Star Trek Into Darkness
All three arrive at the cache at the same time. Who gets it? Director Leone doesn't seem to care very much, and after 161 minutes of mayhem, audiences aren't likely to either.
The third in the Clint Eastwood series of Italo westerns, The Good, the Bad and the Ugly is exactly that -- a curious amalgam of the visually striking, the dramatically feeble and the offensively sadistic.
Though ordained from the beginning, the three-way showdown that climaxes the film is tense and thoroughly astonishing.
Sergio Leone's grandiose 1966 western epic is nothing less than a masterclass in movie storytelling, a dynamic testament to the sheer, invigorating uniqueness of cinema.
| Original Score: 5/6
Sergio Leone's epic looks good, almost great, restored to its original running time.
Of all the great films of the 1960s, The Good, the Bad and the Ugly is one of a fistful that can be truly appreciated only on the big screen.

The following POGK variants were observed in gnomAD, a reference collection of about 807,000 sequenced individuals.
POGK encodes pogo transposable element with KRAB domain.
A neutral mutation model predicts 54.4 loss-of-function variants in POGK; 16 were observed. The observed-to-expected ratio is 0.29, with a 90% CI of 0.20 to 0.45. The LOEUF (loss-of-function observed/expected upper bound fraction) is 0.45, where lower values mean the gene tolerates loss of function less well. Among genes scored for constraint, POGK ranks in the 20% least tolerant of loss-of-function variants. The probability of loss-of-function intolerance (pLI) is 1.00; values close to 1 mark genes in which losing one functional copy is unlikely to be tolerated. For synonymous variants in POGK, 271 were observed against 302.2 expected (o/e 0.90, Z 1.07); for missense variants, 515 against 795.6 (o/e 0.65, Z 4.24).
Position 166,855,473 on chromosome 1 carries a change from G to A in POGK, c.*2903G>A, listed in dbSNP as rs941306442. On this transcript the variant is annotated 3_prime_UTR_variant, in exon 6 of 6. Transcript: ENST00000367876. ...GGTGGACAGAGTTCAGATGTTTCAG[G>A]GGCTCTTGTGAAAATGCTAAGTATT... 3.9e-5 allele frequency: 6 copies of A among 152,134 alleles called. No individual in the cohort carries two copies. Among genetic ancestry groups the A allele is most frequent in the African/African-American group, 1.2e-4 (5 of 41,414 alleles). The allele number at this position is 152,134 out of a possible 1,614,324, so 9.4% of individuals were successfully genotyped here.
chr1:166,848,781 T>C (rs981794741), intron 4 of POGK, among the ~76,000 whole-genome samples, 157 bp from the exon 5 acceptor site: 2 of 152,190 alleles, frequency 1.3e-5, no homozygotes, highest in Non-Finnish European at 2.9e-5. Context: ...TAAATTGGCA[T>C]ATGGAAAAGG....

| Original Score: 3/4
Leone's blockbuster is balanced on the razor's edge between popular entertainment and art film. It took classic American themes and turned them inside out.
| Original Score: 4/4
This is a great movie, whatever strange estuary of the western river it occupies.
An improbable masterpiece -- a bizarre mixture of grandly operatic visuals, grim brutality and sordid violence that keeps wrenching you from one extreme to the other.
Art it is, summoned out of the imagination of Leone and painted on the wide screen so vividly that we forget what marginal productions these films were.
The uncut new print reclaims the widescreen majesty of Tonino Delli Colli's cinematography, allowing you to see every iconic wart and furrow on every bad guy's face.
It's great to see a great director's film as he intended it, with rich color and restored sound.
All told, and in giant widescreen, it's only blood-red adolescent fun, but it blooms like Douglas Sirk with a Gatling gun compared to the teenage demographic's current fare.